The Control of Lead at Work Regulations 2002 (CLAW) places a duty on employers to prevent, or where this is not reasonably practicable, to control employee exposure to lead. Most lead-based paint in the United Kingdom was banned from sale to the general public in 1992, apart from for specialist uses. In the UK it was common to add substantial amounts of white lead as the main pigment in white paints up until the early 1960s. The main use for this paint was as a primer or top coat over metal and wood, both internally and externally, on a range of items such as skirting boards, doors, door frames, stairs, banisters, window frames and sills, wooden flooring, radiators, and pipes, though it could also have been applied to any other surface at this time e.g. plaster walls. Red Lead was also commonly used to paint metalwork.
In 1992 European Union legislation was implemented within the UK which prevented the addition of white lead to almost all paints except those intended for use in historic buildings and as artwork. It is a legal requirement to have a lead on all commercial projects wherever paintwork is liable to be disturbed, regardless of the age or type of building or structure involved. The majority of all old paintwork is likely to have a lead content and the older the paintwork the higher that lead content is likely to be, whatever the surface: timber, metal, plaster, plasterboard, tile or masonry.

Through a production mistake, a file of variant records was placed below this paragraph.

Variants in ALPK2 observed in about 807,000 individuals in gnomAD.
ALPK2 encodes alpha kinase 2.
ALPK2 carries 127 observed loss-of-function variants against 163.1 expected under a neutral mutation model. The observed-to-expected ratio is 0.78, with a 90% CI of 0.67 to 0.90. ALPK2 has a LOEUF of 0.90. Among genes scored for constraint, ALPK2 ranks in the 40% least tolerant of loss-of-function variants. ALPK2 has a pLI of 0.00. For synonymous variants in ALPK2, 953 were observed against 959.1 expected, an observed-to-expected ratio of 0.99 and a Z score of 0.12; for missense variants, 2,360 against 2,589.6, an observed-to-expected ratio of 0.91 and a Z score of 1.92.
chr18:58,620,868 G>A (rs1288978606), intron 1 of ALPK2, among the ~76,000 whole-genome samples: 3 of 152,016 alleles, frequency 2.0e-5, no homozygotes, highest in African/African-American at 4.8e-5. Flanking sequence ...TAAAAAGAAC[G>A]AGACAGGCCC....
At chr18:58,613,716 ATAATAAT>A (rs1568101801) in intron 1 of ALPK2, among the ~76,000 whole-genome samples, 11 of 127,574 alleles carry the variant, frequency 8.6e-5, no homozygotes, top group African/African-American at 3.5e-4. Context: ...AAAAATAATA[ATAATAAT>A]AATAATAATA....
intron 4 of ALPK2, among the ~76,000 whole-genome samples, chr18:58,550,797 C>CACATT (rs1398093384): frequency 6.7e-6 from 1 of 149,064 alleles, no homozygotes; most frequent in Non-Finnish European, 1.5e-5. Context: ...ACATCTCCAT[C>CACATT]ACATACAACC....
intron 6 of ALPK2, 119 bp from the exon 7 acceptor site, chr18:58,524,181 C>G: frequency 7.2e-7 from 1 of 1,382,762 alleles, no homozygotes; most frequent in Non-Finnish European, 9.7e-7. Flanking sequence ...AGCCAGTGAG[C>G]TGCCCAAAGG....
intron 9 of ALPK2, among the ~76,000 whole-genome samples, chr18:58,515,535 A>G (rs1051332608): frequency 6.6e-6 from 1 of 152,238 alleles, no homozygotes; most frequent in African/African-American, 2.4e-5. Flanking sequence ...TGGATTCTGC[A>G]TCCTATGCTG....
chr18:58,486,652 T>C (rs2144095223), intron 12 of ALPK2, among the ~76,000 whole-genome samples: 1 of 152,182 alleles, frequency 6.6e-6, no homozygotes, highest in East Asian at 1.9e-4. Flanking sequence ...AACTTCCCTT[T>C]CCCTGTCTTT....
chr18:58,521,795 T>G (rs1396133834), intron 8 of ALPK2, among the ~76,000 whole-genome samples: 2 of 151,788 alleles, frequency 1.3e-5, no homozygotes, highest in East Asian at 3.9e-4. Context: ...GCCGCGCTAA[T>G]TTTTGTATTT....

Lead paint becomes a risk when it is damaged or disturbed and is inhaled or ingested. Lead poisoning symptoms may include abdominal pain, constipation, headaches, irritability, memory problems, inability to have children, and tingling in the hands and feet. It causes almost 10% of intellectual disability of otherwise unknown cause and can result in behavioural problems. Some of the effects are permanent. In severe cases anaemia, seizures, coma, or death may occur. Exposure to lead can occur by contaminated air, water, dust, food, or consumer products. Children are at greater risk as they are more likely to put objects in their mouth such as those that contain lead paint and absorb a greater proportion of the lead that they eat.
It is essential that Lead paint is removed before it can cause harm to anyone. TFM take pride in providing a high standard of professionalism and expertise in the removal of lead paint. We have taken on a number of projects recently in London where we have developed our skills and expanded our knowledge. This has allowed us to become one of top lead paint abatement specialist in the UK, and we ensure that the job is carried under thorough inspection and have air quality tests from start to finish to ensure that there is no risk of harm to any person or the environment.